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Data is changing the lives of average consumers and they don’t even know it
Apr. 20, 2017 04:00 PM
Big Data: The Unrecognized Driving Factor in Consumers' Lives
Big Data is literally everywhere, and consumers interact with it daily. However, it's the marketers who recognize the value of such data and use it to perfect the customer experience.
Consumers, on the other hand, are often oblivious to their contribution to the mass data that marketers and businesses use to design their products and services. They don't realize that their phones actually ping location-based data to nearby retailers. Browsing history, social media shares, online transactions, subscriptions, and other online interactions also provide information that marketers use to know more about their consumers.
Though customers offer data every single day with their online interactions and mobile use, most don't even realize that they're giving away free information that marketers can exploit-and it's changing their lifestyles in so many ways.
Here are some of the most profound.
How We Spend Money
Data reveals patterns about how you spend your money so that marketers can get a better idea of what to send you. Oftentimes, marketing creates subliminal messaging, encouraging more people to shop.
Marketers will monitor your browsing history and get an idea of what you like to shop for. Then they'll send you ultra-targeted advertisements and coupons to incentivize an initial purchase at their store. They're hopeful that if you make a single purchase, you'll become a loyal customer, and their assumption is often correct.
Thanks to data, we also have accurate calculators and other handy price predictors that help shape the way we spend. We can calculate how much our auto loan will cost us so we can prepare for monthly payments or predict the cost of a home so we can start saving up for a down payment.
How Our Privacy Is Affected
For some consumers, knowledge of Big Data collection increases their privacy safeguards. They're worried about people watching them, so they turn off location services, say no to email subscriptions, and refuse to give out personal information on any online platforms.
Others don't know or don't care that their personal information is constantly being analyzed, and they don't take extra precautions. They may even like that marketers send them targeted advertisements or that their email inbox is filled with coupons to their favorite stores based on the information given blindly in the past.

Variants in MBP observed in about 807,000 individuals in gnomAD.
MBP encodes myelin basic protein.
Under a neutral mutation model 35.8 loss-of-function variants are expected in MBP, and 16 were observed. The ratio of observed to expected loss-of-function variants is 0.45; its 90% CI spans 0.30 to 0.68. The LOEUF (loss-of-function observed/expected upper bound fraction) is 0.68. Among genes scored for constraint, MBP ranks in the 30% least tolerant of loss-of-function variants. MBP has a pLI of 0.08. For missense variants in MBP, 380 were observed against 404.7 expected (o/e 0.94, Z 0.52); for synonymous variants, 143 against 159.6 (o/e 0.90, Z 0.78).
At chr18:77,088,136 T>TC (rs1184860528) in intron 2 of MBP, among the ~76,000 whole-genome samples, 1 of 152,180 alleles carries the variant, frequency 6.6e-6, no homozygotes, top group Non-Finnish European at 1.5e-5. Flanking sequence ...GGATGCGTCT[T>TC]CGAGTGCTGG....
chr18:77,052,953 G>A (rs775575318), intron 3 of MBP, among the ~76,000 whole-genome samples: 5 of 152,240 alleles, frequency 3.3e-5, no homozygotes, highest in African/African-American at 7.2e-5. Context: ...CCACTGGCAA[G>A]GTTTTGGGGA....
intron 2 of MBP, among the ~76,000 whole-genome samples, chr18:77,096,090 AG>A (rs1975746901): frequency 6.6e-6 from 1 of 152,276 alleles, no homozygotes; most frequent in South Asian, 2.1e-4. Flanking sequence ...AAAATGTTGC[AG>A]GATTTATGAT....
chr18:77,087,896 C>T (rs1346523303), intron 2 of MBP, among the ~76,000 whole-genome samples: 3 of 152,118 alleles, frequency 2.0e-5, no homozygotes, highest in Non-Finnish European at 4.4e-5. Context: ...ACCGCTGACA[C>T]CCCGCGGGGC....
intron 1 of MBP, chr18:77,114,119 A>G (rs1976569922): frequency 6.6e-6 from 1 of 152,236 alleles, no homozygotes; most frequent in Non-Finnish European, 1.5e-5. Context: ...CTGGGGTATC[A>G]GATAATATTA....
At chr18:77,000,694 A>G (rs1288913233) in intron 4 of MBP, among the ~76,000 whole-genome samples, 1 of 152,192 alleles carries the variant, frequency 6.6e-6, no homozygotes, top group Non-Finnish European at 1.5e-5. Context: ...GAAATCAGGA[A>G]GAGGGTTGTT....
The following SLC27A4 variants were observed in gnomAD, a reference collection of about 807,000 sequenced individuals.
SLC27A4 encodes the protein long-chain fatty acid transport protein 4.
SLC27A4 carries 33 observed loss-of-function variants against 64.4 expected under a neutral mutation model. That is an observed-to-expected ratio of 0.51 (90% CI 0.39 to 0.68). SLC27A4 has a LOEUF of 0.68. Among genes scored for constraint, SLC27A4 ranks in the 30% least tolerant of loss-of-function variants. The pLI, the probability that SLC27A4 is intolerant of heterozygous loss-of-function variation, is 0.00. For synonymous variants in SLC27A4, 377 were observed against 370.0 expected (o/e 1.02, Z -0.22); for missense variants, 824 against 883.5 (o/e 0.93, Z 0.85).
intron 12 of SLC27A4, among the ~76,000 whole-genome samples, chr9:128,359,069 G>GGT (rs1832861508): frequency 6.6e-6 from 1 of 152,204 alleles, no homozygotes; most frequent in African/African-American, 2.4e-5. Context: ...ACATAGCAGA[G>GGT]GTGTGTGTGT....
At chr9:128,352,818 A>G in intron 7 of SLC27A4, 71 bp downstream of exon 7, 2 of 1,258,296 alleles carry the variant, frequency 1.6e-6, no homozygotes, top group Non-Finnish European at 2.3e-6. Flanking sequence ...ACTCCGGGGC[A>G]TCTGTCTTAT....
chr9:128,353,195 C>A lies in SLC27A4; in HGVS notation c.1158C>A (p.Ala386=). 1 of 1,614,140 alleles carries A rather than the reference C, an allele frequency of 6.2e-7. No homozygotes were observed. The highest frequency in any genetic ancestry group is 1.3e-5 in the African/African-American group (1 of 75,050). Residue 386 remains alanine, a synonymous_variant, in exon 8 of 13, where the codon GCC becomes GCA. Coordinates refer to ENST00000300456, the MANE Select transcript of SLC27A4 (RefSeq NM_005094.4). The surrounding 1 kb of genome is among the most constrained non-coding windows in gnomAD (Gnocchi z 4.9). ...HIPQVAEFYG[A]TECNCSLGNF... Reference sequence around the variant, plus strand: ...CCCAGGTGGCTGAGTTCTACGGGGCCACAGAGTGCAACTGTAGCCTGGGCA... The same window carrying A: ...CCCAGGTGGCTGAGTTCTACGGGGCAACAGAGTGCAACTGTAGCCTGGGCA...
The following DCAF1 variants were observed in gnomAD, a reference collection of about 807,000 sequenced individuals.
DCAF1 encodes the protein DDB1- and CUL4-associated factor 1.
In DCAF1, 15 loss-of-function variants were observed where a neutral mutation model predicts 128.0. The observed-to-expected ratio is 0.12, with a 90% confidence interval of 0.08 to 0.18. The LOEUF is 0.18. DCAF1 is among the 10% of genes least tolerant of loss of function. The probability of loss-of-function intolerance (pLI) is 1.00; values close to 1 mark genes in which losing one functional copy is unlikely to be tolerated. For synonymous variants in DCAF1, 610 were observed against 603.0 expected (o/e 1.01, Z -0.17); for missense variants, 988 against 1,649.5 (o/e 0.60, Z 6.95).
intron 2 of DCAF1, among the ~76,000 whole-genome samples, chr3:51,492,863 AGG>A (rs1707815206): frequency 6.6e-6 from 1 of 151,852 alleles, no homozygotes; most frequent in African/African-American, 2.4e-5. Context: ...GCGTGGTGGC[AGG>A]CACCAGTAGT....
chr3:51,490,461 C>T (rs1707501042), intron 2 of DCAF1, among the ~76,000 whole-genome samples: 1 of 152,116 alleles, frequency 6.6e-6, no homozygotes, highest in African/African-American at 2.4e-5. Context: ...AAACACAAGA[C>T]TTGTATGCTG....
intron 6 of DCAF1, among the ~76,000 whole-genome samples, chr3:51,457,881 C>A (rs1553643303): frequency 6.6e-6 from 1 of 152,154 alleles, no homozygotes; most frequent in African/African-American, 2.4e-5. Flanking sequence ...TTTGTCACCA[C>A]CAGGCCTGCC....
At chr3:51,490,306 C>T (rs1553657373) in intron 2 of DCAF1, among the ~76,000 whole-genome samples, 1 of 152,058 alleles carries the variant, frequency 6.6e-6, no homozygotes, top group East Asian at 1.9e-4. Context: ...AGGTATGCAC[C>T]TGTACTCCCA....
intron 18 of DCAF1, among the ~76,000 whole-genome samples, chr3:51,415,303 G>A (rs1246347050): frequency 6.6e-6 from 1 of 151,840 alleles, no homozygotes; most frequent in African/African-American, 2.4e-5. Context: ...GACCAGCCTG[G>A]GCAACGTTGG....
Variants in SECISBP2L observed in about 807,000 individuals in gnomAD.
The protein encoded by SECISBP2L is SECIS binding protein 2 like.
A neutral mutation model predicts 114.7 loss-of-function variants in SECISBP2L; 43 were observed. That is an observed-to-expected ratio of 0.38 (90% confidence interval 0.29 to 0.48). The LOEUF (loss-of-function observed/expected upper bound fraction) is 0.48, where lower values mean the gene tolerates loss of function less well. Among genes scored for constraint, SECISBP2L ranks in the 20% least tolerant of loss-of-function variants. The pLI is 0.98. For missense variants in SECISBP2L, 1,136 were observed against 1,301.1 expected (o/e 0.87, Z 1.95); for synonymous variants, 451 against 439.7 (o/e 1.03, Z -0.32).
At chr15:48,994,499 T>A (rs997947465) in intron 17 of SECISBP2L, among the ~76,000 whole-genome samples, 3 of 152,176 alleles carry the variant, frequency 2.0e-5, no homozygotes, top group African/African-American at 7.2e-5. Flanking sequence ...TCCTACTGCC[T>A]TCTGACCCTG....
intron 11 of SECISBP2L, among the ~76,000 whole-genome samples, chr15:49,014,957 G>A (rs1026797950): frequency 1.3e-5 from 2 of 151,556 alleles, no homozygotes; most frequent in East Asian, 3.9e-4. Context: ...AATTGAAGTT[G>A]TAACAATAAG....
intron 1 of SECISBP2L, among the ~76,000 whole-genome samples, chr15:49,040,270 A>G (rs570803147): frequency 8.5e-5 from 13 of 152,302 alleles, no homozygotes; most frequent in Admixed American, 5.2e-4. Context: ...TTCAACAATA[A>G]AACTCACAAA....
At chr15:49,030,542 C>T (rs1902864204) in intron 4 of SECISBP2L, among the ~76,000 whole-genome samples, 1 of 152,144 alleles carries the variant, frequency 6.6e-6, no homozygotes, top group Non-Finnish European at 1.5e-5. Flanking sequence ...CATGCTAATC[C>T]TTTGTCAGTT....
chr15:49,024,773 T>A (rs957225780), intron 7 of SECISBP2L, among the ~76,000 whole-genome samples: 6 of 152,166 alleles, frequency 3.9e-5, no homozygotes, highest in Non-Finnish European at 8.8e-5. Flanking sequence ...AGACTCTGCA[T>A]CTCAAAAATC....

Overall, it leads to a demand for more transparency in marketing practices. Most consumers like to know where their information is going, and when apps and websites explain what they'll do with the information provided, consumers are more likely to trust them.
Howe We Eat and Exercise
Smart devices make our lives easier, but they're also hubs for data collection. There are smart fridges that catalog your food shopping and eating habits, fitness trackers that reveal your dedication to weight loss, and integrated bathroom scales that talk to you about exercising more and eating more healthy.
Every time you use one of these devices, it sends detailed information to their makers and influences the kinds of advertisements and coupons you see while browsing the internet. The advertisements placed in front of you, whether for at-home meal kits or fast food restaurants, will directly impact what you eat and whether or not your exercise.
How We Value Things
Our value sets are also changing based on data. As we become more aware of technologies and advancements that have become popular over the years, we're more likely to accept these value sets at home and make them a bigger part of our lifestyles.
An example of this is smart home tech. Five years ago, the most important features to homebuyers were open concept floor plans, spacious kitchens, and lavish bathrooms. Now, homebuyers have come to value the integration of smart home equipment. Research shows that nearly two thirds of homebuyers would be willing to pay more for a home with smart home technology installed.
Because people have begun to enjoy the use of smart home technology, data tells manufacturers it's what they value most. It changes the technology advancements that are made and defines what we purchase. Our values change accordingly, usually without us realizing it.
Ultimately, data is essential for today's growth and market stability. Marketers rely on the harmless information they collect on a daily basis, and consumers benefit more than they know.
Transparency is a constant battle in the data collection sector, and it's important that consumers know what they're involved in before interacting with businesses. It means marketers will get a better idea of what consumers want, which will result in happier, longer-lasting customers.